Fact sheets with survey results for the first 15 of the States and Union Territories from the 2015-16 National Family Health Survey (NFHS-4) were recently released to much fanfare and a veritable feeding frenzy among the media. The keen interest in the survey results materialized even without a formal dissemination event. The thirst for the results may have been stimulated by how:
- it has been 10 years since the previous NFHS survey,
- the results were made available even before the second-phase fieldwork started,
- the NFHS surveys are considered to be highly reliable, and
- the fact sheets contain a wide variety of key population, health, and nutrition indicators (114 in all), broken down by urban and rural areas and shown in comparison with the 2005-06 NFHS-3 results when possible.
The excitement accompanying the release of the NFHS-4 results was a far cry from what I remember happened at the time of the release of the 1992-93 NFHS-1 survey national report. Of course, the key stakeholders who were knowledgeable about NFHS-1 showed up at the dissemination event in large numbers, but it was difficult to generate a great deal of interest among the media, since they were less familiar with the survey or the importance of its results.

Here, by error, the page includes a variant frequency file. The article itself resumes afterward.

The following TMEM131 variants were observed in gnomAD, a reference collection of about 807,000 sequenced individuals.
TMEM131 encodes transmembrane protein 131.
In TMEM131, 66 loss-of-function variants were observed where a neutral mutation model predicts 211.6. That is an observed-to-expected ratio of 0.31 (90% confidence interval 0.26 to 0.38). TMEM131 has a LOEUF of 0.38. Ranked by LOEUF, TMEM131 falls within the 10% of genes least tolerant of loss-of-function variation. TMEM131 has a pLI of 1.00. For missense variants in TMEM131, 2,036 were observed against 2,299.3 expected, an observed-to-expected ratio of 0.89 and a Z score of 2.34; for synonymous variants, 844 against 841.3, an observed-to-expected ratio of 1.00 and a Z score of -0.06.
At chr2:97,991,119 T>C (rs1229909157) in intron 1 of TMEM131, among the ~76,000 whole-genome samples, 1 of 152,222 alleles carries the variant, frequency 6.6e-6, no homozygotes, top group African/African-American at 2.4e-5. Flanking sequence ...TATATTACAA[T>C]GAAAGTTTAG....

The proliferation of news articles and conversations on social media surrounding the results of the NFHS-4 fact sheets are examples of the interest in getting survey results out quickly. Tweets from a variety of users, tagged with #NFHS4, shared links to the fact sheets, complete tables from each fact sheet, and trends in the data.
The first fact sheets for NFHS-4 are now available from the NFHS-4 coordinating agency, the International Institute for Population Sciences and from The DHS Program, and there is a link to the fact sheets from the website of the Government of India’s Ministry of Health and Family Welfare. Overall, 250 district-level fact sheets have also been released for the same states, each containing 93 indicators.
Working on a survey with a sample size of more than 572,000 households, with more than 6,000 field staff, 16 survey field agencies, millions of biomarkers tests, and questionnaires in 18 languages is certainly challenging, but finally being able to see the survey results in the hands of key stakeholders who are in a position to help improve the lives of India’s population makes it all worthwhile. Stay tuned for more results as the second phase of fieldwork has just begun.
For more information, read the Ministry of Health and Family Welfare’s press release.